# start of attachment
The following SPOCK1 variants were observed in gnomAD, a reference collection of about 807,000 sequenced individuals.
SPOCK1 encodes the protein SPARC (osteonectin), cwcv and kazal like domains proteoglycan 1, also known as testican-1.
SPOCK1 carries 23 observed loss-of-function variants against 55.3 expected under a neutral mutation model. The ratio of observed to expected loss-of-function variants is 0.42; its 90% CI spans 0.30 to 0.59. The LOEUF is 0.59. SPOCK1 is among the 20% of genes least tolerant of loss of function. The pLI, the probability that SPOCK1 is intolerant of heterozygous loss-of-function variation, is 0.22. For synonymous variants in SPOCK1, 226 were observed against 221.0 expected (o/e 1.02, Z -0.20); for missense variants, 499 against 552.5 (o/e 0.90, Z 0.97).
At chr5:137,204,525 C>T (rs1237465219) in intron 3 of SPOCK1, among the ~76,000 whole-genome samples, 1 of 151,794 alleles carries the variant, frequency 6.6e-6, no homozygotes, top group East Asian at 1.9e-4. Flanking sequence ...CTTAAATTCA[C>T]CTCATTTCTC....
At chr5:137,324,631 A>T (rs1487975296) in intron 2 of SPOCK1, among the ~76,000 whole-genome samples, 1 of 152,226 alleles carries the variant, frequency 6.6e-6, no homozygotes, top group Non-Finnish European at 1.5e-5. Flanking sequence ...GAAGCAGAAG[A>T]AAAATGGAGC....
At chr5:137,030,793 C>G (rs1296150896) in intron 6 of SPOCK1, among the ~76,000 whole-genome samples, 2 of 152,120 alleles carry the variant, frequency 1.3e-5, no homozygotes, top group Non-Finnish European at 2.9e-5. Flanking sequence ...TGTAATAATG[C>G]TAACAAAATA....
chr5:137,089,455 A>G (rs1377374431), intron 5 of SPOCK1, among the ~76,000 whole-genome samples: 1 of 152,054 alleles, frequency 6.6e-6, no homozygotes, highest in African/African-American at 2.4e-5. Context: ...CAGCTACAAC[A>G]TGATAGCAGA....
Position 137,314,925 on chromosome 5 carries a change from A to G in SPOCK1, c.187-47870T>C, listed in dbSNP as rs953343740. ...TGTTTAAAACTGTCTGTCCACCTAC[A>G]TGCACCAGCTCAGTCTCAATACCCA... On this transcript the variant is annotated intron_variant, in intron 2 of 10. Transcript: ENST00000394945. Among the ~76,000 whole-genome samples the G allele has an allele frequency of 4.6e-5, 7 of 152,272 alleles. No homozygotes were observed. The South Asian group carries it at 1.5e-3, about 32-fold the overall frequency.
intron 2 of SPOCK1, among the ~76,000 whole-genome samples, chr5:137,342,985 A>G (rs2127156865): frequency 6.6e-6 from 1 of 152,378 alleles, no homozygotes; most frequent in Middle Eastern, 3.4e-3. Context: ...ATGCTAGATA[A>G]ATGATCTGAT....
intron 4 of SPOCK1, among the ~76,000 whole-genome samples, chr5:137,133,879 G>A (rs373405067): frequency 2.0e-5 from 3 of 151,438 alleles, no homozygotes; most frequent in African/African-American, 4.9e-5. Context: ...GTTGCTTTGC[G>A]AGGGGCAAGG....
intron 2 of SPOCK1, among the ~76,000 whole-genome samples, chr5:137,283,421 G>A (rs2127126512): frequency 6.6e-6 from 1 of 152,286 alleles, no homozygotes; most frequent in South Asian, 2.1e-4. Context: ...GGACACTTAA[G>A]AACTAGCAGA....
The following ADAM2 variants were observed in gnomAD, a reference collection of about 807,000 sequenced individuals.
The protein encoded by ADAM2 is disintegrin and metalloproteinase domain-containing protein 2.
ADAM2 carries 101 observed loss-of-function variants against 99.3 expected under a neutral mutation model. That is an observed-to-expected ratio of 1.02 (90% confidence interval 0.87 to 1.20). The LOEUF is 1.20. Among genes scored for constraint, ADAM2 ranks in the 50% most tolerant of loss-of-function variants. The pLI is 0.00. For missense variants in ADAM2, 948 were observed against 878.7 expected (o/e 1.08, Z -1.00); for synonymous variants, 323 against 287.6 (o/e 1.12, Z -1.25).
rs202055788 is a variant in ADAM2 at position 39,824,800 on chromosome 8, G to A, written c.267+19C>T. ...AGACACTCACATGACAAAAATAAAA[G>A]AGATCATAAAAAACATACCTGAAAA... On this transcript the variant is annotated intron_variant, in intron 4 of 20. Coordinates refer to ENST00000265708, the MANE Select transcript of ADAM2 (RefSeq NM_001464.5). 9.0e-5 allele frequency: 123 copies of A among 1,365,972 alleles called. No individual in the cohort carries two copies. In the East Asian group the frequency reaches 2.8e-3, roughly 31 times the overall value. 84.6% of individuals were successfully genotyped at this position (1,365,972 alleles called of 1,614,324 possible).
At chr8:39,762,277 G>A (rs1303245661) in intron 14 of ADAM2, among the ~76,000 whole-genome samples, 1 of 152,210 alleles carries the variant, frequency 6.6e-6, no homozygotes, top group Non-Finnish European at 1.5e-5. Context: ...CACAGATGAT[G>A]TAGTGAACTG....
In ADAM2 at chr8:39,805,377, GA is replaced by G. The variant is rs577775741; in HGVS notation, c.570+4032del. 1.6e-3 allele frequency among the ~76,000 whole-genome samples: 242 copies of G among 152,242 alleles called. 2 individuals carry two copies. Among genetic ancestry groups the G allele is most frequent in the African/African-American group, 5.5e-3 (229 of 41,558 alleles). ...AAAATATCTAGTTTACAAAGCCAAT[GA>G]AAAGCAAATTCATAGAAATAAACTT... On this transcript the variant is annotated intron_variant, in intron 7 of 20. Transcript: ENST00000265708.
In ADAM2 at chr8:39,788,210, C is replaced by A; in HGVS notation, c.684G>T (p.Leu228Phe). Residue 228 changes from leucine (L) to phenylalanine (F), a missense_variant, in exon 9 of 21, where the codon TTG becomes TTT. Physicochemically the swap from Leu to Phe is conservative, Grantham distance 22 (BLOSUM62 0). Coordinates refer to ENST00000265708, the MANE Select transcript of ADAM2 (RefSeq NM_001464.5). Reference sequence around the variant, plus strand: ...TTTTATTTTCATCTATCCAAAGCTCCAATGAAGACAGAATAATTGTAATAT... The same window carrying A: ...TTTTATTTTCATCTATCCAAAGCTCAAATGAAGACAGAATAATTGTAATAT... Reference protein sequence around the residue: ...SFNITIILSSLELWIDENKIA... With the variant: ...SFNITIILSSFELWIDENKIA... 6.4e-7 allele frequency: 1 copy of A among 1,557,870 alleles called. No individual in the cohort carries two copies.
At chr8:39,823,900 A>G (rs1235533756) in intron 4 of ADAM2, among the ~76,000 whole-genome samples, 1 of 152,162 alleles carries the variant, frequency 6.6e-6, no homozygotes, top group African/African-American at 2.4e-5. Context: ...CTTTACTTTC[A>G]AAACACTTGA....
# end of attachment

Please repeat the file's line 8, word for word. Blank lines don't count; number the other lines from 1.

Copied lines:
Position 137,314,925 on chromosome 5 carries a change from A to G in SPOCK1, c.187-47870T>C, listed in dbSNP as rs953343740. ...TGTTTAAAACTGTCTGTCCACCTAC[A>G]TGCACCAGCTCAGTCTCAATACCCA... On this transcript the variant is annotated intron_variant, in intron 2 of 10. Transcript: ENST00000394945. Among the ~76,000 whole-genome samples the G allele has an allele frequency of 4.6e-5, 7 of 152,272 alleles. No homozygotes were observed. The South Asian group carries it at 1.5e-3, about 32-fold the overall frequency.